Netflix, literally, came in on the money for the second quarter, announcing revenue of $1.15 per share and revenue of $1.34 billion, both in line with Wall Street’s expectations.
The revenue represents an increase of more than 25 Y/Y, and shares were trading after hours more than 2.5% above close.
And, Netflix continued to do something pay-TV operators have had trouble doing, it added subscribers.
Even in a quarter that can be difficult for operators, the streaming company added 570,000 subs domestically, better than the 520,000 it forecast, and 1.12 million subscribers to its international deployments, again, better than the guidance of 940,000.
“We’ve seen a tremendous adoption of on-demand viewing,” said CEO Reed Hastings. “Consumers around the world (have) really been quite consistent.”
Hasting said that, even during the World Cup, an event that Netflix had expected to increase their subscriber gains, there was no drop off.
“What was incredible was just how straight our line of adds were in Brazil during the World Cup,” he said. “This is an enormous moment in history.”
Overall, Netflix now has 50 million subscribers worldwide to its streaming services, 36.2 million in the U.S., and 13.8 million internationally. Its international subscriber figure has grown 78% Y/Y.
It also has 6.3 million subscribers to its DVD by mail service, down 391,000 as it looks to minimize the business.
In a release, the company said it expected to add another 1.33 million U.S. subscribers in Q3 and 2.36 million internationally, a sign that the company is seeing revenue growth internationally, as well.
The cost of doing business continued to rise for Netflix, which reported content obligations of $7.7 billion, up from $7.1 billion in Q1 and $6.4 billion a year ago.
Its domestic streaming contribution to profit rose to $227 million from $151 million a year ago, growing faster than its spending on content, the company said in a letter to investors. International streaming losses fell to $15 million from $66 million last year. Netflix said all of its international markets showed gains in the quarter and were rapidly moving it toward profitability overseas.
Netflix said Q3 earnings would be near 89 cents per share, below analysts’ $1.06 expectations.
The price hike that new members will be paying this year will also help push ARPU up slowly, Netflix said.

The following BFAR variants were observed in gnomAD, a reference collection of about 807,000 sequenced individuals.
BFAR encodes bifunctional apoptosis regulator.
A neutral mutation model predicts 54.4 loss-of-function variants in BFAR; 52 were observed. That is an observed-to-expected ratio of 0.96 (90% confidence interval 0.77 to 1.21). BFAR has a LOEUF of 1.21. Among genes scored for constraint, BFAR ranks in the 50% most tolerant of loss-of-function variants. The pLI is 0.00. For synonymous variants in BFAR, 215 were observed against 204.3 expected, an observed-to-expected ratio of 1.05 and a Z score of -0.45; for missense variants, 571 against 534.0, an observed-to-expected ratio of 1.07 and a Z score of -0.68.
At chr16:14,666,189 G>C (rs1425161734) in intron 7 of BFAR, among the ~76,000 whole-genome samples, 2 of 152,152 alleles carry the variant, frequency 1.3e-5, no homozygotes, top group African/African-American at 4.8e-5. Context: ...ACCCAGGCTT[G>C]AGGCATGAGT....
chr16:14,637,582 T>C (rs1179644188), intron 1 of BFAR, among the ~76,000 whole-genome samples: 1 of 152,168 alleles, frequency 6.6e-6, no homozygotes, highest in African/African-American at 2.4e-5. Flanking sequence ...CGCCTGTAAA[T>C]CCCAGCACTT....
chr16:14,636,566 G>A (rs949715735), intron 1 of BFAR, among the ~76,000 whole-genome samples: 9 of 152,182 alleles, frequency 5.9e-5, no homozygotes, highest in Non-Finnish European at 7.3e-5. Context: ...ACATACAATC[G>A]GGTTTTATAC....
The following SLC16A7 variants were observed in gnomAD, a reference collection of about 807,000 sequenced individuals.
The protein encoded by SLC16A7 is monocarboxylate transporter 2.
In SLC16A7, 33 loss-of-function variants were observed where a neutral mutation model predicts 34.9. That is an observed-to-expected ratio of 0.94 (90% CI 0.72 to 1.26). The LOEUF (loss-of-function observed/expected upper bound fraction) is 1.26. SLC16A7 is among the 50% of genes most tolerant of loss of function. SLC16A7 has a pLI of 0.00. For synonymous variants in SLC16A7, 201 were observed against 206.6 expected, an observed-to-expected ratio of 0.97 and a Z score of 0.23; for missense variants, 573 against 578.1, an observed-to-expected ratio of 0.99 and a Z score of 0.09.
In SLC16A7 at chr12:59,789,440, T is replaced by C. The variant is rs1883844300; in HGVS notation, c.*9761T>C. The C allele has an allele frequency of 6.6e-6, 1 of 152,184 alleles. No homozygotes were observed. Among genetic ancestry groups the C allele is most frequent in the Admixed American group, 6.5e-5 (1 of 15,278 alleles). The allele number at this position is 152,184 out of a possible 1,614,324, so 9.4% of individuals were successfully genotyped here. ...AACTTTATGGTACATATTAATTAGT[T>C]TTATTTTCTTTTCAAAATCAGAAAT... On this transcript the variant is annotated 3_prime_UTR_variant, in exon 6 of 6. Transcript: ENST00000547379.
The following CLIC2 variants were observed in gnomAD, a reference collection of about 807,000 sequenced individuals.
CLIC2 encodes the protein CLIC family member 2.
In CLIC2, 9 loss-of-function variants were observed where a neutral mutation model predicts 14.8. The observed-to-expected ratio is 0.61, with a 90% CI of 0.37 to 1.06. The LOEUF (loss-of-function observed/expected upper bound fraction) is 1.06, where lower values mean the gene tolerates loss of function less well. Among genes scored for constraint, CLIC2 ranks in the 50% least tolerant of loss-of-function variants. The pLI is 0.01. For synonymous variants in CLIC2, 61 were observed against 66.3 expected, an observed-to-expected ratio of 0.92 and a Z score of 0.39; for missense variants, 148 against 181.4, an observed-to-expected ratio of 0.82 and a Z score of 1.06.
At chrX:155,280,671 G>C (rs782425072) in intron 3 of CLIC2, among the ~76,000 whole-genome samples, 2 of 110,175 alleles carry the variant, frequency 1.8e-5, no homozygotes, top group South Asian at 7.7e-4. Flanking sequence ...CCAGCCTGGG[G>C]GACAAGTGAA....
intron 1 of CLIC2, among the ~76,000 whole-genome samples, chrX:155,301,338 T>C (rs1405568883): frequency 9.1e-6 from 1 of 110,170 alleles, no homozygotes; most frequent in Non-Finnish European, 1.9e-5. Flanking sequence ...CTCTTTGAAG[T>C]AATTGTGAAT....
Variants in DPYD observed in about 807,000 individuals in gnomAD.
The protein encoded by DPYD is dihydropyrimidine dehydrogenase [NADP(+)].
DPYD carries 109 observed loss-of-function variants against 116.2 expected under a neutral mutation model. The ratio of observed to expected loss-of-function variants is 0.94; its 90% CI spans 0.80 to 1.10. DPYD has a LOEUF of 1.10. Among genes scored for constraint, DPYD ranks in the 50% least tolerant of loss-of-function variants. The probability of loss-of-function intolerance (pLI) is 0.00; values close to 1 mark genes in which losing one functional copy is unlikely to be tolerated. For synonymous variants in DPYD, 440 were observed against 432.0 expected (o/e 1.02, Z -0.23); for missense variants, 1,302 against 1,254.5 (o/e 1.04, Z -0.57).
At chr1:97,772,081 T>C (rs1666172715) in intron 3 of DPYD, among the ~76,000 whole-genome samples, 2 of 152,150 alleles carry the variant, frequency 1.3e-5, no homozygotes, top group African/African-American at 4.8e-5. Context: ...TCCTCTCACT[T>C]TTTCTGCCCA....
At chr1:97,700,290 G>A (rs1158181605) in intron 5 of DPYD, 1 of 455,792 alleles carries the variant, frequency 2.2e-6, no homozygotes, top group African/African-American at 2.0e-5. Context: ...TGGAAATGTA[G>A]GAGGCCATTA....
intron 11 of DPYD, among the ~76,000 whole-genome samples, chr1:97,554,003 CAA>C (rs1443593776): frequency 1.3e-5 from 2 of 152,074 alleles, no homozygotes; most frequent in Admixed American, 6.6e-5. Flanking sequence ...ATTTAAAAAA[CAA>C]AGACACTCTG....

The company reiterated that it plans to launch services in Germany, France, Austria, Switzerland, Belgium, and Luxembourg in September, adding an addressable market of more than 60 million households to the 120 million it already faces.
With the new launch, Netflix addressable international market will be 2X the addressable market in the U.S.
Netflix said the strong growth overseas has further convinced it to aggressively grow its international presence, an addressable market it estimates at more than three-quarters of a billion households worldwide.
CFO David Wells said the 700 million to 800 million addressable market is the number of today’s broadband households, a number that’s growing quickly.
“We like what we see,” said Wells of Netflix’s growth prospects internationally. “We really do see great adoption of Netflix as a product.”
Growth and expansion will be regulated by its global profits, with near break-even as the governor.
Wells said the company would have been “pretty close to break-even” in the second quarter had Netflix not added new markets.
On net neutrality and Netflix’s concerns: Hastings warned that the FCC needed to make certain the Internet didn’t trend toward the cable model.
“In the cable industry, there’s a constant conflict between the network and the content provider” that has often lead to content blackouts for consumers. “We’d hate to see ISPs brownout or blackout a certain site while they tried to extract payments.”
On the nuances of international expansions: Hastings said that every market has its own issues. In Brazil, for example, Netflix faces tremendous payment complexity. “We adapt to the local conditions in each case,” he said.
The challenge for Netflix, he said, “is in becoming a great global company that understands the nuances of various countries. We have a lot of confidence about being able to figure out things once we get started.”
On competition: Hastings said Netflix would continue to focus on streaming performance and growing its TV catalog. And, he said, the difference between it and many competitors in the U.S. and abroad is that “it’s everything for us,” as opposed to a company like Amazon offering Amazon Instant Price Video as a part of its business.
“At the end of the day,” he said, “there may well be room for several of these service with different kinds of content.
Just as HBO and Showtime compete for a part of the audience and not necessarily against each other, “we’re like that in a new market,” Hastings said.
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